Reducing police officer deaths goal of ‘Below 100′: Behind the Badge

Credit: Jim Noelker

Credit: Jim Noelker

Editor’s note: Our community needs professional, well-trained, accountable law enforcement. That’s why we sent reporter London Bishop to attend the Sinclair Police Academy, where for six months she is learning alongside recruits what it takes to wear the badge, telling their stories, and helping the public understand how police are trained to do their job. Visit the Behind the Badge page on our website for more from this project.

Law enforcement agencies from across Montgomery County gathered at RiverScape MetroPark Friday morning to commemorate police officers that have fallen in the line of duty.

First responders presented white flowers to the family members and representatives of their departments of nearly 50 Montgomery County police officers who died in the line of duty, dating back to 1880. Of those officers, 30 of them are from the Dayton Police Department.

Two new names were added to the list of commemorated officers: Germantown Police Assistant Chief Orion Hale, who died on duty in 1957, and University of Dayton police officer Anthony Cloyd, who died in December 2021.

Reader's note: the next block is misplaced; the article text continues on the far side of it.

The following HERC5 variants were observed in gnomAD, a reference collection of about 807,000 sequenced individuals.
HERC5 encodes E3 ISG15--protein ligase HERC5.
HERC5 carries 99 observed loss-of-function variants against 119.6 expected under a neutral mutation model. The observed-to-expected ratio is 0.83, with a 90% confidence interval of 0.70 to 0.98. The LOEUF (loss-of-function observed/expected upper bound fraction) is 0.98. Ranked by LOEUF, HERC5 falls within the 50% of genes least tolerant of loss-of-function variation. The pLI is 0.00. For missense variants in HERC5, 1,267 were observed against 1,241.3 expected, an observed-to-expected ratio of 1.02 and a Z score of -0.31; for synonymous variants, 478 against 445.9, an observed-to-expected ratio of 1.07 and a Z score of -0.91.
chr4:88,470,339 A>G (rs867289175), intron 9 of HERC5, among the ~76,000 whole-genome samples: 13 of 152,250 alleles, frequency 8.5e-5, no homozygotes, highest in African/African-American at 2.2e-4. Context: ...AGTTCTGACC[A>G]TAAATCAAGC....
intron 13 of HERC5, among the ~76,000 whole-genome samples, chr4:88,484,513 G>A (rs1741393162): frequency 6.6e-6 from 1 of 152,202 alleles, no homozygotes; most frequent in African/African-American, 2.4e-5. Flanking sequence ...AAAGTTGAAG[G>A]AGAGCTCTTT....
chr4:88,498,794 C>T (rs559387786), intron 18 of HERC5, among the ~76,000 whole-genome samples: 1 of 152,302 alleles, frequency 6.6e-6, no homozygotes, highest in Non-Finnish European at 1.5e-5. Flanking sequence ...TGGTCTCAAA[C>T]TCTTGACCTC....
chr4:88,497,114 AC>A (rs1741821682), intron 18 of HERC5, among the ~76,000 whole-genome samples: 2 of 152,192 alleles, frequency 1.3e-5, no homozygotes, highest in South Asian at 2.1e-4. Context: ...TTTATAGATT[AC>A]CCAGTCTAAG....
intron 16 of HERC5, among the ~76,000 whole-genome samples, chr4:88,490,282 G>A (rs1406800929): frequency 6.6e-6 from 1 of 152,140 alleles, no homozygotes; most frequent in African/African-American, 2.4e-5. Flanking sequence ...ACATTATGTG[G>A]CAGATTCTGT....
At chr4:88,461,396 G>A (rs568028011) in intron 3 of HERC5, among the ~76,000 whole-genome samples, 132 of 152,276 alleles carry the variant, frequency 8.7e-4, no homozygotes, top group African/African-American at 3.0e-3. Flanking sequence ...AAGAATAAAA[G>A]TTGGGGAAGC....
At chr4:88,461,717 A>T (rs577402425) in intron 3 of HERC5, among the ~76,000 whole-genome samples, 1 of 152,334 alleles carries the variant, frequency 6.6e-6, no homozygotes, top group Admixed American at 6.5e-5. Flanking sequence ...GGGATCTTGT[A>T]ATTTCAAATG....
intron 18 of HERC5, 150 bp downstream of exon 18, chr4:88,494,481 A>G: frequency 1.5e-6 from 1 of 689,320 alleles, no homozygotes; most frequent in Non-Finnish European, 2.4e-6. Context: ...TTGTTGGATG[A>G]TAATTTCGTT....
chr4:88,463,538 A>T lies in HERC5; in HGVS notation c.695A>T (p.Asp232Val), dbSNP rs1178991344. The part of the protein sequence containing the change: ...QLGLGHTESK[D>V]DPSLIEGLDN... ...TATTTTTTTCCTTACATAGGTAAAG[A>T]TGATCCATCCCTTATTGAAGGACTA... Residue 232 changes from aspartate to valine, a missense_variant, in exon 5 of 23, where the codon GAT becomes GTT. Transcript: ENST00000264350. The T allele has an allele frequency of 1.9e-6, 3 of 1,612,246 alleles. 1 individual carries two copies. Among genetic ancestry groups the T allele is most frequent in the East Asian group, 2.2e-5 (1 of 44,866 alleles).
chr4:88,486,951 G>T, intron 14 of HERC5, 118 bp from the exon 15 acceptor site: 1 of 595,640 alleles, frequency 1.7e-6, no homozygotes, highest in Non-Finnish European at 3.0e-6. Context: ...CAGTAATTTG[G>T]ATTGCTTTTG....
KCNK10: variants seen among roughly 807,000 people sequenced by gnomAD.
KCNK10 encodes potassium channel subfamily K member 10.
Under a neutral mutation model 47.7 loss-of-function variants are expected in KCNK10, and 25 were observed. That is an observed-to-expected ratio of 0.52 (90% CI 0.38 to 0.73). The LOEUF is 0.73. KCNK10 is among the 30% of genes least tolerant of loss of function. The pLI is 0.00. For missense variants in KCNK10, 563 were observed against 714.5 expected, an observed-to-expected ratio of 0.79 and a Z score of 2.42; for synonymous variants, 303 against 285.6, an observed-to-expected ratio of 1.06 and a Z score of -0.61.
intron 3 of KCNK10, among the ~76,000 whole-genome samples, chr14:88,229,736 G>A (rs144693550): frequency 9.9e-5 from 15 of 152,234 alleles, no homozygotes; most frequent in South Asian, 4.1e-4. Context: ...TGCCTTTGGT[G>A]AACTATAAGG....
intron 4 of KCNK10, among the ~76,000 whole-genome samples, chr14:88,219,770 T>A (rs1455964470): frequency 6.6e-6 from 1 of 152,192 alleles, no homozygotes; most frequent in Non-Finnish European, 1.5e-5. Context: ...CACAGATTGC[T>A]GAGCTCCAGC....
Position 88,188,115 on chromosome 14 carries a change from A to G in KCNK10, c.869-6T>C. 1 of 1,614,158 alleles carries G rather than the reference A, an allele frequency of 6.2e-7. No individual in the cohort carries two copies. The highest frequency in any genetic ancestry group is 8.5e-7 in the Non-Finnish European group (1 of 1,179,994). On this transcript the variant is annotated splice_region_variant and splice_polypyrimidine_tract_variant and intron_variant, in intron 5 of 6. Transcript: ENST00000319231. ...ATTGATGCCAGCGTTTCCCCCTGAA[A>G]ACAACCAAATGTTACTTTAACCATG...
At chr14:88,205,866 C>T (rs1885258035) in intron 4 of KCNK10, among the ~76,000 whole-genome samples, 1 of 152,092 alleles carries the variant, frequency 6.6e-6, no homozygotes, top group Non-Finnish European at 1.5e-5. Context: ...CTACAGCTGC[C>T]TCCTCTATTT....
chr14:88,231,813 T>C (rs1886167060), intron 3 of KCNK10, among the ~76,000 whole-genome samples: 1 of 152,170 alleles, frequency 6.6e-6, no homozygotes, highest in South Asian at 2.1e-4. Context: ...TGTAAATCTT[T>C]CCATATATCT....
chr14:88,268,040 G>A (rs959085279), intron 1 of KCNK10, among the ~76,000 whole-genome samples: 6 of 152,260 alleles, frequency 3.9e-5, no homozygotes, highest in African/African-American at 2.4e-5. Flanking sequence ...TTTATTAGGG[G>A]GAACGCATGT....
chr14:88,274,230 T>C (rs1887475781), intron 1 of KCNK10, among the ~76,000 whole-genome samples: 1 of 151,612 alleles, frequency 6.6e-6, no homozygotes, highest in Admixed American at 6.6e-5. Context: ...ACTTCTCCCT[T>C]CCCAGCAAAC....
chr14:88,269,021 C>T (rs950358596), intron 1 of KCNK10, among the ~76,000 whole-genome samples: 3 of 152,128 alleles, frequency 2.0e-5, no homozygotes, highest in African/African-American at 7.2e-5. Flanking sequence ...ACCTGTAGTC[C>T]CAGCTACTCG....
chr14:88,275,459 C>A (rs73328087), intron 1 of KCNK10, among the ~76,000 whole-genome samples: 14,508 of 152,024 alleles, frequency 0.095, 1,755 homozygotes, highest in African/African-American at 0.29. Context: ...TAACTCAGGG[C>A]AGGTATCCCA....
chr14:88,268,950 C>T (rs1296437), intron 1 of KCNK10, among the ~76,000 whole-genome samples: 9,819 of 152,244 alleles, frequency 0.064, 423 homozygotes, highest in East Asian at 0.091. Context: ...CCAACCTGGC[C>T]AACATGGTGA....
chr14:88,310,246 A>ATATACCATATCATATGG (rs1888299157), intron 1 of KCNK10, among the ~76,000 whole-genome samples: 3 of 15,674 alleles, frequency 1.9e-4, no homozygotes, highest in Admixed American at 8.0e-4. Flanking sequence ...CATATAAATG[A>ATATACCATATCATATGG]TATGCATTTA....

Credit: Jim Noelker

Credit: Jim Noelker

“It’s about remembering heroes, how they lived their lives. It is not really about how they died, but about how they lived, living selflessly and protecting others and the community from harm,” said Dayton Police Chief Kamran Afzal.

Below 100

Cadets from the Sinclair Police Academy helped set up and tear down the event. Being in attendance reinforced a lesson they learned in the classroom: they are going into a dangerous profession, and they should do everything they can to make sure they and their fellow officers go home to their families every night.

For that reason, a class called “Below 100″ is required at the academy. “Below 100″ refers to the goal of law enforcement agencies across the country to reduce line of duty deaths to under a hundred officers per year, a statistic not seen since 1943.

The class teaches the main causes of line-of-duty deaths.

The number one cause of police officer deaths in the last five years is COVID-19, according to the National Law Enforcement Officers Memorial Fund. Between the start of 2020 and the end of 2023, 802 officers have died of COVID, accounting for more than half of all officer deaths in the last four years. By comparison, 541 officers were killed with a firearm in all of the last decade.

Credit: Jim Noelker

Credit: Jim Noelker

Discounting COVID, the top three causes of officer deaths in the last ten years are work-related illnesses (585), shootings (541), car crashes (292) and vehicle strikes (150), data from the National Law Enforcement Officers Memorial Fund shows.

Many of these deaths are preventable.

At Sinclair Police Academy, safety and vigilance are core themes that run through all training, not just Below 100, with everything from firearms and police vehicles, to being proactive about physical and mental health problems.